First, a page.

Unlike the PBS system which requires teachers to manually key in the data online, the software, which is currently used by close to 300 schools, runs on a network system and provides a detailed analysis including the expected grade of the student and the projected improvement of the results for the following year.
“Teachers from all over the country are logging onto the PBS online system to key in the results.
“This will inevitably slow down the system,” said the retired teacher who declined to be named.
He believes that data collection is best done within the school with the items tailored to the school’s needs.
“It’s time consuming when too much raw data is collected from students’ co-curricular achievements to disciplinary records. Only analysed data is useful in helping the school to carry out its teaching and learning activities,” he said.
He was commenting on the problems faced by teachers three years after PBS was put in place, including slow loading times and crashes.
Suara Guru-Masyarakat Malaysia (SGMM) working committee head Mohd Nor Izzat Mohd Johari had said it was going ahead with its Feb 22 protest in Bangi to highlight the weaknesses of PBS, despite assurances by the ministry that the system would be reviewed.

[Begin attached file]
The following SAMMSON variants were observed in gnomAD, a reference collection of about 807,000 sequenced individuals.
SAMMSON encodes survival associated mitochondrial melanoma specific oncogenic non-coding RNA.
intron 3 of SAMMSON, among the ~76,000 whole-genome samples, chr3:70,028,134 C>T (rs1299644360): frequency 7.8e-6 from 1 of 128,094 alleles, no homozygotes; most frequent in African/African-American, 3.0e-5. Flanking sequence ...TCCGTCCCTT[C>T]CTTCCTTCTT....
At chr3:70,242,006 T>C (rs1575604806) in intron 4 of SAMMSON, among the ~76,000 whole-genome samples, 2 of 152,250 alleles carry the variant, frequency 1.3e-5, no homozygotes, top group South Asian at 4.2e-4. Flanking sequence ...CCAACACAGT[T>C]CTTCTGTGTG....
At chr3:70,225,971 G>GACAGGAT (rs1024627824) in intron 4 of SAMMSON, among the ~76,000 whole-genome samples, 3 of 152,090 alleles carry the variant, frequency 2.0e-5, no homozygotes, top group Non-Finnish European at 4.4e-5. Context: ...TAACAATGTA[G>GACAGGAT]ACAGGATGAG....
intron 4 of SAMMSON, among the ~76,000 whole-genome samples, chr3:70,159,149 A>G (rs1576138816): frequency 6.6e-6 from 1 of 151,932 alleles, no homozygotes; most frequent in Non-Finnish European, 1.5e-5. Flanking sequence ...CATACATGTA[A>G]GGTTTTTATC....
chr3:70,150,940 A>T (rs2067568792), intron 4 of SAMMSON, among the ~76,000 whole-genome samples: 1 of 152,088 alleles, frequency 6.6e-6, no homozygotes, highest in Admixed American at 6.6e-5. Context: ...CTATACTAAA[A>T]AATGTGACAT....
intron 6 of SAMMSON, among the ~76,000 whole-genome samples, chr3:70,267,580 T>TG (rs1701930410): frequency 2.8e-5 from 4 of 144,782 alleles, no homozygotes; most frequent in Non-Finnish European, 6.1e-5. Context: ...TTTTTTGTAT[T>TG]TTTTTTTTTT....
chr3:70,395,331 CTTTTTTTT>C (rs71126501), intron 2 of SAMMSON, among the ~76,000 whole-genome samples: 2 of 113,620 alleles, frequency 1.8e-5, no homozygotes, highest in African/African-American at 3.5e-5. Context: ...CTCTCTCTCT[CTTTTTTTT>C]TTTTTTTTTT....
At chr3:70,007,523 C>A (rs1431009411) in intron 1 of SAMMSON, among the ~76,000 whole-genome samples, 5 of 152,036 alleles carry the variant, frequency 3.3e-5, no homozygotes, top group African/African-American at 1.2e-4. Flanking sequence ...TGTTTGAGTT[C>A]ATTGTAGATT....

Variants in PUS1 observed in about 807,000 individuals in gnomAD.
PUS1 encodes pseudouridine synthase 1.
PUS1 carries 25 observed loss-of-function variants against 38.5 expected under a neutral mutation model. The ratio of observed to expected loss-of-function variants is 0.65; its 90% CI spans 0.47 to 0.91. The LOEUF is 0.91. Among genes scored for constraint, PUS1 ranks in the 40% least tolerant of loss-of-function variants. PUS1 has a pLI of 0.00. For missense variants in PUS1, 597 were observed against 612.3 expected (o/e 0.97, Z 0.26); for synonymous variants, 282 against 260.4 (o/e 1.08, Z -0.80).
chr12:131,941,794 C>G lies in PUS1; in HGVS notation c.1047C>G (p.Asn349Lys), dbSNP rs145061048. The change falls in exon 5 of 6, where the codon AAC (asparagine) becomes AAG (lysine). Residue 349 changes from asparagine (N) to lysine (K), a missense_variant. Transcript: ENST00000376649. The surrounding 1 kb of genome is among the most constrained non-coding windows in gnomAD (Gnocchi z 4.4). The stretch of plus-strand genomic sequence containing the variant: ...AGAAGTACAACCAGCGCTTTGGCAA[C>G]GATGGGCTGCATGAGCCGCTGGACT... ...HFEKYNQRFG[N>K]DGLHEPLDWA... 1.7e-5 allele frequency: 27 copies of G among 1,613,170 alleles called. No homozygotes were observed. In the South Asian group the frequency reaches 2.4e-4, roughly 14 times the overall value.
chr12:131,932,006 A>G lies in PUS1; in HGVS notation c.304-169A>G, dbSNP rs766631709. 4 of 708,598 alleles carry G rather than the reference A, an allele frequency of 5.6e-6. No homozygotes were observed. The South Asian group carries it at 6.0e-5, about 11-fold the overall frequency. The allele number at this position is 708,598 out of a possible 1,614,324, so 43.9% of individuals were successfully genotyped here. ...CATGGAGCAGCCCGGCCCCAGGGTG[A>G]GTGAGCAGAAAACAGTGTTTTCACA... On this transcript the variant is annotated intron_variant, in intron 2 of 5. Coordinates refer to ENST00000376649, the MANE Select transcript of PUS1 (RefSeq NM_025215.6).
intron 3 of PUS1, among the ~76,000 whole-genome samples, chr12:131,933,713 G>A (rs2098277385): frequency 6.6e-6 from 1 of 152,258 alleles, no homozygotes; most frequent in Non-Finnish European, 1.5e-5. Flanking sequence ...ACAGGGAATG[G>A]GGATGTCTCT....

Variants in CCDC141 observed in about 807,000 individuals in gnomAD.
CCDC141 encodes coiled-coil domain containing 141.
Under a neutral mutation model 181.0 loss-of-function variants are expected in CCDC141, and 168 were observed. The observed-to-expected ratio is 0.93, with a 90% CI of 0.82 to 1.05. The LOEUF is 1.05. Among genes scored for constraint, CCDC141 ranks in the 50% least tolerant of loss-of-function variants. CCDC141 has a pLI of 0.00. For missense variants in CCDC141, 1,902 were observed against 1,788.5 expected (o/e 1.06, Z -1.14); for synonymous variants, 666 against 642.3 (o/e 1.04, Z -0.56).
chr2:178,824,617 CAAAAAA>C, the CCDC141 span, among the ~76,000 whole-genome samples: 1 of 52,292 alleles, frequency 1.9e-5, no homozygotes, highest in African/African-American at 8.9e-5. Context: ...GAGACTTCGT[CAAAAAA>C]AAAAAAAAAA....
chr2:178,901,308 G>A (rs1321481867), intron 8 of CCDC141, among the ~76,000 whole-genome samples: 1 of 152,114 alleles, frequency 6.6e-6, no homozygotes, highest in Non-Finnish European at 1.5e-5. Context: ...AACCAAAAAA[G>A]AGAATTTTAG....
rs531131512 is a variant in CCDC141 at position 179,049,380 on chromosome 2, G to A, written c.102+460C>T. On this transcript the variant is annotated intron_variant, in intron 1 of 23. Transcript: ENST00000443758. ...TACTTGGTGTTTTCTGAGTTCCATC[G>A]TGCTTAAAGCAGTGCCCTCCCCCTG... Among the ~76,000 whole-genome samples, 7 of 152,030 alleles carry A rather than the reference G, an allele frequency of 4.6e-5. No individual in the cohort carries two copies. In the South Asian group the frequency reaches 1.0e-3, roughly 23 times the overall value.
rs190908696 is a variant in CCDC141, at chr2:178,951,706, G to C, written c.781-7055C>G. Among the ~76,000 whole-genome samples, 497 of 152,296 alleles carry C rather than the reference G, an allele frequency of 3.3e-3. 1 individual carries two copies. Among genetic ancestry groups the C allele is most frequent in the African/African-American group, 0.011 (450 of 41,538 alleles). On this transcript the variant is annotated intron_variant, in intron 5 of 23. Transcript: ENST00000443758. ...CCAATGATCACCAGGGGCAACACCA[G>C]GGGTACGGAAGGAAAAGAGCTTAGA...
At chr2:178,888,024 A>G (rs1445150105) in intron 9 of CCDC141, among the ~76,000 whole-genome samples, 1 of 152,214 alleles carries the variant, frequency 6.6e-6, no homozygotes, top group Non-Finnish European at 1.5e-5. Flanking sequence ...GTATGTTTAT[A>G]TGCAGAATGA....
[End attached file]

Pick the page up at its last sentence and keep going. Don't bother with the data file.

Several IT experts have commented that this could be due to insufficient server or Internet capacity for the large number of users, resulting in a bottleneck.
Former programmer at a media company, Shaun Azlan Noordin, said one factor could be that the server and network were not able to support the number of users.
This was especially so if most teachers were logging in at the same time.
Dixon Liu, who runs his own computer company, used the analogy of a fast food restaurant with only one open counter. “It’s obvious that when 20 people queue up at one counter, it will be very slow.”
Senior IT executive Lim Sui Jin said there could also be geographical reasons.
“For example, if a server is located in Malaysia, users accessing a system from Australia would have a slower experience than those in Malaysia.
“So, the speed would also depend on where the server is located,” he said.
Woon Wai Keen, chief technology officer of a company that does cloud and Content Delivery Network software solutions for service providers, said every system would have a bottleneck.
He said performance always boils down to physical hardware. “It may be shifted by good software or system design, or it might be something that has to be expected due to physical constraints,” he said.
KANG SOON CHEN AND JEANNETTE GOON The STAR Home News Education 23/02/2014